Tuesday, February 20, 2007
your mentalized blog audience
Here is "To Whom Do You Blog?--Part 2".
[EDIT UPDATE: Also see Chip Camden's Jazz Writing post: blogging is jazz writing, writing that is similar to improvisation that is found in jazz music. Excellant metaphor for the art of blogging!]
I think we have a barely conscious "mentalized" blog audience as we craft each new post to our blogs. It's a good idea to ask ourselves what that internalized, conjectured, hypothetical blog audience is.
I don't think anyone blogs blindly, with no readership in mind, as they write. It's possible, as in paper diaries, but not likely. But even in paper journals, is there not some imagined reader, if only a Future Self?
As I ponder this more, amazed at how it's not a superficial question and is not easily answered, I find that I mainly, or usually, blog for a semi-fictional persona, a composite person labeled "my client".
I think: "What can I share with my client today? What do I know or believe, that might help that client succeed in business or in his or her own blog?" That client may be advanced in computing skills, or the client may be new to the digital realm or to blogging. But I feel like a teacher a little bit. Or a consultant who is casually sharing some good information, that I hope will help.
But I always hope for two-way conversation, not me being a mainstream media Know-It-All, proclaiming eternal wisdom from some exalted metaphysical sphere. In some ways, the comments are far more interesting and important than the post itself. The post is merely an ice breaker, a conversation starter.
I usually feel like I'm exploring a topic or event or principle with an ally, and we are seeking truth together.
But it's not illusory or totally imaginary. I think certain specific persons float through my mind and heart as I write a blog post.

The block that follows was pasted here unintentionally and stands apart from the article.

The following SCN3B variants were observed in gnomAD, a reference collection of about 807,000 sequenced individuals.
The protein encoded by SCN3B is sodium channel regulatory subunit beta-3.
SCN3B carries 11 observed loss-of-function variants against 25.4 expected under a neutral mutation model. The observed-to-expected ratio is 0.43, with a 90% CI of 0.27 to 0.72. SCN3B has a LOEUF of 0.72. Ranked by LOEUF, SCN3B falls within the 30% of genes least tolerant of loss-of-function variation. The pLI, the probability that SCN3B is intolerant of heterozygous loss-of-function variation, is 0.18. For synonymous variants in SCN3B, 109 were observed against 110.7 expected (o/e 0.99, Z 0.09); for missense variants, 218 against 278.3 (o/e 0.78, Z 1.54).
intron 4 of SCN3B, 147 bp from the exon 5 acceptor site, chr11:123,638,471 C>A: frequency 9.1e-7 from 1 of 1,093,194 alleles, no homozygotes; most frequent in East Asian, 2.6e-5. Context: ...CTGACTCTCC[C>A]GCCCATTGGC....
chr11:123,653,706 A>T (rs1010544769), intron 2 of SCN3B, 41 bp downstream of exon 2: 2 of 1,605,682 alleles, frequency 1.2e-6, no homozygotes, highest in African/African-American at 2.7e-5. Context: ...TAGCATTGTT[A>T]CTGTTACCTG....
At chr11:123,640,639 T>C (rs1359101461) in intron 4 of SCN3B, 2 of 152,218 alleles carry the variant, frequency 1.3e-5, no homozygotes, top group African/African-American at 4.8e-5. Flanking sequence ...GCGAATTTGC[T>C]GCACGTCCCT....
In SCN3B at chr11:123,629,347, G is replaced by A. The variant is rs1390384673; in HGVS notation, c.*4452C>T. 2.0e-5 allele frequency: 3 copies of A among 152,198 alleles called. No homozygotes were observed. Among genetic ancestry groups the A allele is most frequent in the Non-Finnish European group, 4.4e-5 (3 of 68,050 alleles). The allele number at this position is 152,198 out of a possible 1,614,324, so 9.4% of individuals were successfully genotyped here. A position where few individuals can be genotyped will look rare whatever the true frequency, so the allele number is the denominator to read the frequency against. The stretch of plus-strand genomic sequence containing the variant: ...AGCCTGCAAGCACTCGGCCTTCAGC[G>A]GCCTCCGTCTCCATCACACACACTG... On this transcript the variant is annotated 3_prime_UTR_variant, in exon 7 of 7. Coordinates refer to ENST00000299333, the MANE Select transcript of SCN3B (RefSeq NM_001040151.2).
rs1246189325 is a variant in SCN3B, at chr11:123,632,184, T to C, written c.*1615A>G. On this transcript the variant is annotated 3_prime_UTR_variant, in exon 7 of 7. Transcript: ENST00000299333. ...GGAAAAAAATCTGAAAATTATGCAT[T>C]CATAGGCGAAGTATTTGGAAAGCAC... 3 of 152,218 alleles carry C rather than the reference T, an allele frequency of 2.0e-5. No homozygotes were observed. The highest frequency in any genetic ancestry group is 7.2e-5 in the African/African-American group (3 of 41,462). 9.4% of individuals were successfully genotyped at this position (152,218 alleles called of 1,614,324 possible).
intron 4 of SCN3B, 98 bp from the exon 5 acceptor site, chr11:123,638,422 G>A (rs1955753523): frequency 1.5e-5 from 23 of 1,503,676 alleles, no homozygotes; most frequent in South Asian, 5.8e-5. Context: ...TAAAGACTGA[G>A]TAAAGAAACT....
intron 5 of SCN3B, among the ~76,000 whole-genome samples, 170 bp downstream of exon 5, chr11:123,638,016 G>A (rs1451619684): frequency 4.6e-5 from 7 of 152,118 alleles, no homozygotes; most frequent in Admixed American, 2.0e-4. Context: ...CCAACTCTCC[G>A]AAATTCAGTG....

It's a shifting persona. One sentence of a post seems directed to Liz, another sentence is directed to Jim Estill of Synnex, another sentence seems more pointed at maybe, oh, Paul Woodhouse (thinking: "he'll get a good laugh out of this description"), and so on.
Often, when I am responding to another blogger, say Dave Taylor or Robert Scoble, I have one exact person in mind, as I reinforce or rebut (is that a word? it is now...) their position.
So I think the blog audience is not necessarily a fixed entity, but swirls and shifts and fluctuates, sometimes post by post, or even sentence by sentence.
Yet it also, in my case anyway, is more often my text responding to someone else's text, it is text interacting with text, and not necessarily personalized.
Like if a MSM journalist makes a claim: "blogs, wikis, podcasts, and social media networking are assaulting our culture, economy, and values through the invasion of the amateur".
Then text pours forth from me defending the rise of Individual Voice against entrenched Domination Systems.
Though I may feel anger or passion, they are not the real source of my post, it's more the text itself, in my head, coming through my fingers into the keyboard and onto the post template.